Correctional Education as a Crime Control Program
This study compares the cost-effectiveness of these two crime control methods - educating prisoners and expanding prisons. One million dollars spent on correctional education prevents about 600 crimes, while that same money invested in incarceration prevents 350 crimes. Correctional education is almost twice as cost-effective as a crime control policy.
State and federal funding for correctional education programs was significantly reduced throughout the 1990s while the total incarcerated population increased. Many states, such as Florida, Illinois, Kentucky, Iowa and California, are further slashing correctional education budgets due to the current budget crisis. These states and others, such as Ohio, Michigan and Kansas, are closing prisons to make the necessary cuts in state spending. Budgets need to be cut. But states have a responsibility to protect public safety by controlling crime. This study investigates the possibility that prison education programs are the answer. The vast majority of studies that have studied the impact of in-prison education on future criminal activity have found that participation reduces crime. This study focuses its analysis on three studies that took the strongest methodological approach at investigating this relationship.
According to a reviewer:
This resource is extraordinarily valuable for both state level adult basic education programs as well as for any adult basic education program located in a correctional facility location. The resource sets out the major arguments for education versus increased incarceration rates and provides detailed information and background on relevant theories and studies. This is an important resource for any administrator focused on supporting correctional education as a means to increase community safety and to lower crime rates by decreasing incarceration rates.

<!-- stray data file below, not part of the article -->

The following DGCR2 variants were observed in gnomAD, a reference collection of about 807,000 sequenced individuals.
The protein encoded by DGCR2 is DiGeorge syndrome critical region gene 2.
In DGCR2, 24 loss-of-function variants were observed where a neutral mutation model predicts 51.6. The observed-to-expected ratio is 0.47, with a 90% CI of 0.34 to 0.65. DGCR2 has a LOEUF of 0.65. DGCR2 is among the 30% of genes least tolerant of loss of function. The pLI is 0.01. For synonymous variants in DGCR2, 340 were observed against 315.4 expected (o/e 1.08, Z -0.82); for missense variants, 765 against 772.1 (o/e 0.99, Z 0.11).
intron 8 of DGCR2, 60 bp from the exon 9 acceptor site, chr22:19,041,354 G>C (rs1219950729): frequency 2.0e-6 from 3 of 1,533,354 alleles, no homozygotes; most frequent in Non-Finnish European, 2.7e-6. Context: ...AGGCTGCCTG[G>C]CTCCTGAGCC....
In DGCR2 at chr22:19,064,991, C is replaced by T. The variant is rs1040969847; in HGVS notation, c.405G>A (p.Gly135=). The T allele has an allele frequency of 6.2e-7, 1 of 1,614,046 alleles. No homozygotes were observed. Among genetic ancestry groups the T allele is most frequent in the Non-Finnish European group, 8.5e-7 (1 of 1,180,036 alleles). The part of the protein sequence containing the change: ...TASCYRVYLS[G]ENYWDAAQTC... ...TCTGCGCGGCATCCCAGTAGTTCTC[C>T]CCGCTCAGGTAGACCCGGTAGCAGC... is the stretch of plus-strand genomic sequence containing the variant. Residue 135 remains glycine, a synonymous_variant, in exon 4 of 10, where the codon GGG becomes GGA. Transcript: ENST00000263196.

This resource supports the implementation of adult education courses, both vocational training and literacy development, in prisons on the premise that prisoners attending increase literacy and vocational skills along with their ability to work with others. The conclusion, supported by various other studies, is that adult education of all kinds reduces re-incarceration significantly.
The resource is only 12 pages long. Most of that is devoted to brief summaries and generalized conclusions of other research studies. For any adult education entity interested in implementing or expanding adult education in prisons, a study supporting lower recidivism rates because of educational programs would be extremely helpful. However, instead of turning to this incomplete and general survey, it would be more helpful to go to some of the primary sources listed and reviewed in the appendixes of this document.
The source lacks in-depth analysis. For that, a reader may wish to turn to the sources cited within the study.
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